Remedies Generally | Money Judgment | Injunction | Insurance Penalties for a Frivolous Claim

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Obtaining Relief; Payment, or Performance 

There are several options to effectuate a recovery or  remedy:
1. If you obtain a money judgment, you can use it collect (or  garnish) against the defendant’s assets;
2. Get insurance proceeds, if coverage exists (preferable);
3. Obtain an injunction or specific performance;
4. Bonding, on a construction contract (also preferred);
5. An injunction of specific performance;
6. Complaints to outside entities (BBB, Attorney General)  and punishment/criticism from outside entities;
7. Mechanic’s Lien, for construction law (excellent method);
8. Complaints to outside agencies: attorney general, local  news, BBB, Angie’s List, etc. While you are within your  rights to report any fraud to the government (such at the  attorney general), a comment to a private entity carries the  risk of defamation or trade disparagement, if the  complaining party is found to be factually incorrect.
A party can get a judgment in court or through binding  arbitration, if the parties agree to binding arbitration. The amount of the money judgment amount will be based  upon the extent of damages that depend on the parties’  agreement and any number of the following:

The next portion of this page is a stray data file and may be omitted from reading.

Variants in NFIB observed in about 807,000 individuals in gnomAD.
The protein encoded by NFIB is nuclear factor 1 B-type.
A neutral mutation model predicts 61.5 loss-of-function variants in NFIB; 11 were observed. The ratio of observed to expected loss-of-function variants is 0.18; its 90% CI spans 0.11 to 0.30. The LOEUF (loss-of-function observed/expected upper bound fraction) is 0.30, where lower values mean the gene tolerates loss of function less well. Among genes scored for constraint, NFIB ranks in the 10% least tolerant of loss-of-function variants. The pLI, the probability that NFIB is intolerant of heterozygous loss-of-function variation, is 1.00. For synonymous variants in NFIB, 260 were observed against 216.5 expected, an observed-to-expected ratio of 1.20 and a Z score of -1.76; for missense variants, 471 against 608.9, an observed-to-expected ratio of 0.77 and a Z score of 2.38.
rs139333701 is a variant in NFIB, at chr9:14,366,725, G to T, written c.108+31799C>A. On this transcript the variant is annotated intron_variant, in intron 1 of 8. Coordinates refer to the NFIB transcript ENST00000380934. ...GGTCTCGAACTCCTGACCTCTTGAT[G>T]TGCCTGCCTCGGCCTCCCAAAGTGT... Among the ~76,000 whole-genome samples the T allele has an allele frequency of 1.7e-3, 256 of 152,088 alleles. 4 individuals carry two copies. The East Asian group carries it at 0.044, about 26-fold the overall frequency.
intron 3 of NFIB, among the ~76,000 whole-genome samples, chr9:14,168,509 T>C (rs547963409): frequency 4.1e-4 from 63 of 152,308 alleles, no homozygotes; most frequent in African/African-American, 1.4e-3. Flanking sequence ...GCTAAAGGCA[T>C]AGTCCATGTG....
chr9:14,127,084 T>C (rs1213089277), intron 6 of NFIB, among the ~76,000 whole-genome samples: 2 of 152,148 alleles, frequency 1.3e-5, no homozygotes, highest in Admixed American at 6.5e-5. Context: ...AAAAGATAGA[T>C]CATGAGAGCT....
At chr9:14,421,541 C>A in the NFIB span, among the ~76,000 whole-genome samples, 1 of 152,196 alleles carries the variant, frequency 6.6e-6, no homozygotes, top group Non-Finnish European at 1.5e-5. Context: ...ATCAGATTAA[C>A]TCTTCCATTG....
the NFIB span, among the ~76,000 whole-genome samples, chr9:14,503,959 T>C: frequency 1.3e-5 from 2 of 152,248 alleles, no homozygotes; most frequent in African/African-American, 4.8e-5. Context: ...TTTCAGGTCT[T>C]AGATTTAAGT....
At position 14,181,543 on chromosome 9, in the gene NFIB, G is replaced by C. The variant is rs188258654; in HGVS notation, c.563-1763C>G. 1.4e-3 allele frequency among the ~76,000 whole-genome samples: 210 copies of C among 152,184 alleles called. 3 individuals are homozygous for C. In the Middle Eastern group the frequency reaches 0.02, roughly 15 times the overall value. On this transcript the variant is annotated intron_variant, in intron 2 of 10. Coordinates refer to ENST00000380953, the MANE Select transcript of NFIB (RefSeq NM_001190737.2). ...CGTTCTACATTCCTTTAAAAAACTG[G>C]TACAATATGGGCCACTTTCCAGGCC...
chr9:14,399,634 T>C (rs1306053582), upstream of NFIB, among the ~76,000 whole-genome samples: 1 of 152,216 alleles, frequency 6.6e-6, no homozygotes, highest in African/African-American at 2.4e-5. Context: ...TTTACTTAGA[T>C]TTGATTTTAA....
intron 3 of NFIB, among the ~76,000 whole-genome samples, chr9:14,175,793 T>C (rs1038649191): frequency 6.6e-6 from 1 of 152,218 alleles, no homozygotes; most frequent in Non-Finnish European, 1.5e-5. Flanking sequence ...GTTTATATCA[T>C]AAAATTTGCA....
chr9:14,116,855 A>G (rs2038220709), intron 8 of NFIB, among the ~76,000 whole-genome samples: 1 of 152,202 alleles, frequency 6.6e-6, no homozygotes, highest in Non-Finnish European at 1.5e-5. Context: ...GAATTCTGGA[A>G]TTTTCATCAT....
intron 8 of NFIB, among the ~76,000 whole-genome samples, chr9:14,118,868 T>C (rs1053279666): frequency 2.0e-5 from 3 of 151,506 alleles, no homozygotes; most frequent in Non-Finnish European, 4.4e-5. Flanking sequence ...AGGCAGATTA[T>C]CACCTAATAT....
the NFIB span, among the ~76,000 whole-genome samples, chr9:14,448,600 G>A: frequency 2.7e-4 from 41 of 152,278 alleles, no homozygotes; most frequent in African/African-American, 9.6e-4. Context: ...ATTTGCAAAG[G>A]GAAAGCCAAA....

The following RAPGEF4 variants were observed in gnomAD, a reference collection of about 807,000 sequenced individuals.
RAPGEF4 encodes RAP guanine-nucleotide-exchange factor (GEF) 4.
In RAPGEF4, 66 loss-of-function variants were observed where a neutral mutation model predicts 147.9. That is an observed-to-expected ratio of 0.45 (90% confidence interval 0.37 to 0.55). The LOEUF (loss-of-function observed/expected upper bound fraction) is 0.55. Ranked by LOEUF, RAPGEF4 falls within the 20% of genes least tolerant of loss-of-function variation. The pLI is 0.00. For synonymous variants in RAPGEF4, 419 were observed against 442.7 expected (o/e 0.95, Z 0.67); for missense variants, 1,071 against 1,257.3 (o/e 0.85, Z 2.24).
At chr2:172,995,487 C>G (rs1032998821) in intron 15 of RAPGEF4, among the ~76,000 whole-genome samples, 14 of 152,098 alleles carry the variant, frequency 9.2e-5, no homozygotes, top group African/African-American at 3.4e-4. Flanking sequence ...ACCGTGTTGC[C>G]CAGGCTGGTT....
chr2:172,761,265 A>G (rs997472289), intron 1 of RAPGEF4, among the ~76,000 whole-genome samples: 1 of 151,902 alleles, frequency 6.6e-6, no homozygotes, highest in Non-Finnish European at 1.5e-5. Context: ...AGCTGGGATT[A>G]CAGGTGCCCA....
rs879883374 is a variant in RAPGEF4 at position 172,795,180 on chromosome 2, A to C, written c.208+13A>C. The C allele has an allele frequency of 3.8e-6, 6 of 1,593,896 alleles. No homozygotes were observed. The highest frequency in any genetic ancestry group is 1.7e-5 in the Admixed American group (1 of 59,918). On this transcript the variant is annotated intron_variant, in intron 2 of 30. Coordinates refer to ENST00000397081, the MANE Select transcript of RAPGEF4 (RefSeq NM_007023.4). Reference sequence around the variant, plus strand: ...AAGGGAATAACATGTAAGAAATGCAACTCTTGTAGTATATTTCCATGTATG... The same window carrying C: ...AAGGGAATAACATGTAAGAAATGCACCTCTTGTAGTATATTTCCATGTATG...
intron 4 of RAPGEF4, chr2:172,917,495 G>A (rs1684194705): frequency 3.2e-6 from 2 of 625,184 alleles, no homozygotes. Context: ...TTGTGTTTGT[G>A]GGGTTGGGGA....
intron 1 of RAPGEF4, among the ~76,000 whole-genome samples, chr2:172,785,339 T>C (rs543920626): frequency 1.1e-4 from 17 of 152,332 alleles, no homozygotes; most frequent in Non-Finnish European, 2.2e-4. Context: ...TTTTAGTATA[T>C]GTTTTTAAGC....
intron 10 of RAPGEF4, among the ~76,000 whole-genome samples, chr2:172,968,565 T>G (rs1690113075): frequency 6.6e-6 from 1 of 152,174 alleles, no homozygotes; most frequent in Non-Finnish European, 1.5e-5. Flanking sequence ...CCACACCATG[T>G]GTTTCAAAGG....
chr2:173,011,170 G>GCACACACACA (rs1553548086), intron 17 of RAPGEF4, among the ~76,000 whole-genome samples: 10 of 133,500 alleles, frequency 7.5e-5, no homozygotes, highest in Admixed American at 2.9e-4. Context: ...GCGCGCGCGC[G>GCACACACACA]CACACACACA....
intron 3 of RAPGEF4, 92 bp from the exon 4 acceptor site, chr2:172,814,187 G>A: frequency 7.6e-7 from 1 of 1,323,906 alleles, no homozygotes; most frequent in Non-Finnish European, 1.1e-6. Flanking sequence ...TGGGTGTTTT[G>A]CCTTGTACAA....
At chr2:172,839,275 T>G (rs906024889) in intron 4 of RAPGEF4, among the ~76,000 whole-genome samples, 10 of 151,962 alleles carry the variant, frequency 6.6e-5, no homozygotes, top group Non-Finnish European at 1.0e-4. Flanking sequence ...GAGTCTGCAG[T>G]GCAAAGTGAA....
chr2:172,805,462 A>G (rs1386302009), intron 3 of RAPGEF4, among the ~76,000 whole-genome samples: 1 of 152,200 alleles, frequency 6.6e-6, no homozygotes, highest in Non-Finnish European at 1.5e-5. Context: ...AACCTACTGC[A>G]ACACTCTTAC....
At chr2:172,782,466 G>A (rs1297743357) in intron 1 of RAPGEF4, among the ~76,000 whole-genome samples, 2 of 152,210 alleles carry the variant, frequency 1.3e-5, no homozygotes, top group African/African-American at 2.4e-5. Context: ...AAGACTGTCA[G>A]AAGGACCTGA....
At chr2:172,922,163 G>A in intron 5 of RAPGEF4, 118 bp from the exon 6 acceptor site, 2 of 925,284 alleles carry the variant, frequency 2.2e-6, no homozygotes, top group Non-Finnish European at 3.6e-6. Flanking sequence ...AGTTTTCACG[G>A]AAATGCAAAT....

1. Statutory interest is six percent, but additional interest  may apply;
2. The amount of unjust enrichment (where, in the  absences of a contract, one party receives a benefit beyond  any contract for which that party has not paid);
3. The extent of detrimental reliance on a promise (in the  absence of a contract);
4. Unfair Trade Practices and Consumer Protection Law;
5. Resulting damage to persons property from negligence;
6. Costs to put the party in the position he would have been  had the contract been performed;
7. The extent of an unresolved punchlist;
8. Substantial defects in work or the amount of payment;
9. Where sanctions are payable;
10. Receipt of non-conforming goods;
11. Failing to receive the benefit of one’s bargain – i.e.,  having to pay someone else more to complete performance;
12. Personal injury to the property owner or others;
13. A party may also seek an injunction in the form asking  the court to compel the other side to do something (such as  continue to work on the job), but only when the contract  calls for it, generally, or no adequate remedy exists at law  (money is not enough). See Injunction and specific  performance and procedure before commerce court.

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